Commercial Culture

Commercial Culture : The Mass Media System and the Public Interest

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Description

A powerful critique of American mass communications by a scholar who is also an experienced practitioner, Commercial Culture scrutinizes the mass media system and shows how it might be improved. Bogart highlights four trends that together sound an urgent call for reform: the blurring of distinctions among traditional media and between individual and mass communication; the increasing concentration of media control in a disturbingly small number of powerful organizations; the shift from advertisers to consumers as the source of media revenues; and the growing confusion of information and entertainment, of the real and the imaginary. The appetite for media, Bogart argues, differs from other demands the market is left to satisfy because it shapes the public's character and values. In this work he calls for a coherent national media policy, respectful of the American tradition of free expression, and subject to vigorous public debate.show more

Product details

  • Hardback | 396 pages
  • 165.1 x 243.1 x 31.2mm | 746.47g
  • Oxford University Press Inc
  • New York, United States
  • English
  • 0195090985
  • 9780195090987

Review quote

powerful panoramic critique * The Independent Monday section, 18 August 1997 * Anyone concerned about the impact for good or ill of the media on our society should have access to this book for reference. It is a mine of facts, quotes, assessments and views - an ample, but satisfying meal, rather like four courses, each of pate de foie gras! ... I give Leo Bogart good marks for lucidity. * Logus *show more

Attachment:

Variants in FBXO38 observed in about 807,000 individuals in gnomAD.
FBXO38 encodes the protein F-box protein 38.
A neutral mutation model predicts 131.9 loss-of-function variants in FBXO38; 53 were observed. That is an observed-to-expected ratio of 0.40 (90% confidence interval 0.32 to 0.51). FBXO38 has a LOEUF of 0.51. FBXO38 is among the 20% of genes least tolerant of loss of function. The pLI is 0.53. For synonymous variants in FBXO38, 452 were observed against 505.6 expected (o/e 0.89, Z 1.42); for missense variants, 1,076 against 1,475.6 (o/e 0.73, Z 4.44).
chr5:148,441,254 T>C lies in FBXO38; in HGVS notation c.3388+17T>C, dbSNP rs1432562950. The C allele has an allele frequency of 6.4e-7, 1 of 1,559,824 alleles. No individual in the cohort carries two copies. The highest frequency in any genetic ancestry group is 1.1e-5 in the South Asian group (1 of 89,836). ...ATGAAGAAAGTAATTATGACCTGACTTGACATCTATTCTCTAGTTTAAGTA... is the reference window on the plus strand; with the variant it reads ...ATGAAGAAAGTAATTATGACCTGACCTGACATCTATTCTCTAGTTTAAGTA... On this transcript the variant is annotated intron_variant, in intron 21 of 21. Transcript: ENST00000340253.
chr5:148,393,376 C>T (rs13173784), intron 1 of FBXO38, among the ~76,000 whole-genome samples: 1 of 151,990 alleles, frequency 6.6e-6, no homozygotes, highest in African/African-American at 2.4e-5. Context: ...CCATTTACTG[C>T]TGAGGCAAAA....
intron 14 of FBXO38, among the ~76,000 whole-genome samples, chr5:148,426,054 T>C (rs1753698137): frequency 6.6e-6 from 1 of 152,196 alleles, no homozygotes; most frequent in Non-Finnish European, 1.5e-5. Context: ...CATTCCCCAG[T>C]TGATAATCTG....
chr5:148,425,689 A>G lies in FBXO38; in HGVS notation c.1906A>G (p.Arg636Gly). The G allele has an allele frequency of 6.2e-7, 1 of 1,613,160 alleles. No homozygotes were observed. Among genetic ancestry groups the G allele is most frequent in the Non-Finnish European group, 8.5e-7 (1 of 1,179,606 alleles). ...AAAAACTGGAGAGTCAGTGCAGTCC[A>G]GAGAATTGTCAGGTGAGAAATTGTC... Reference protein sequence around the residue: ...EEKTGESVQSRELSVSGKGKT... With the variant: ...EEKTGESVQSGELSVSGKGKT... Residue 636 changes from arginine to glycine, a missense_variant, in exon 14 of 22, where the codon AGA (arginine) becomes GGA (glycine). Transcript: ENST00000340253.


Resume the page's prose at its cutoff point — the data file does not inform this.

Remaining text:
Back cover copy

American mass media are the world's most diverse, rich and free. But their dazzling resources, variety, and influence cannot be rated by the envy they arouse in other countries. Their failures are commonly excused on the grounds that they are creatures of the market, that they give people what they want. This book focusses not on the glories of the media, but on what is wrong with them and why, and how they may be made better. This powerful critique of American mass communications highlights four trends that together sound an urgent call for reform: the blurring of distinctions among traditional media and between individual and mass communication; the increasing concentration of media control in a disturbingly small number of powerful organizations; the shift from advertisers to consumers as the source of media revenues; and the growing confusion of information and entertainment, of the real and the imaginary. The future direction of the media, Bogart contends, should not be left to market forces alone. He shows how the public's appetite for media differs from other demands the market is left to satisfy because of how profoundly the media shape the public's character and values. In conclusion, Bogart asserts that a world of new communications technology requires a coherent national media policy, respectful of the American tradition of free expression and subject to vigorous public scrutiny and debate. Commercial Culture is the most comprehensive analysis of the media as they evolve in a technological age. It will be of great appeal to general readers interested in mass communications, as well as professionals and scholars studying American mass media.show more

About Leo Bogart

Leo Bogart holds Doctorate in Sociology from the University of Chicago and has taught at New York University and Columbia University.show more

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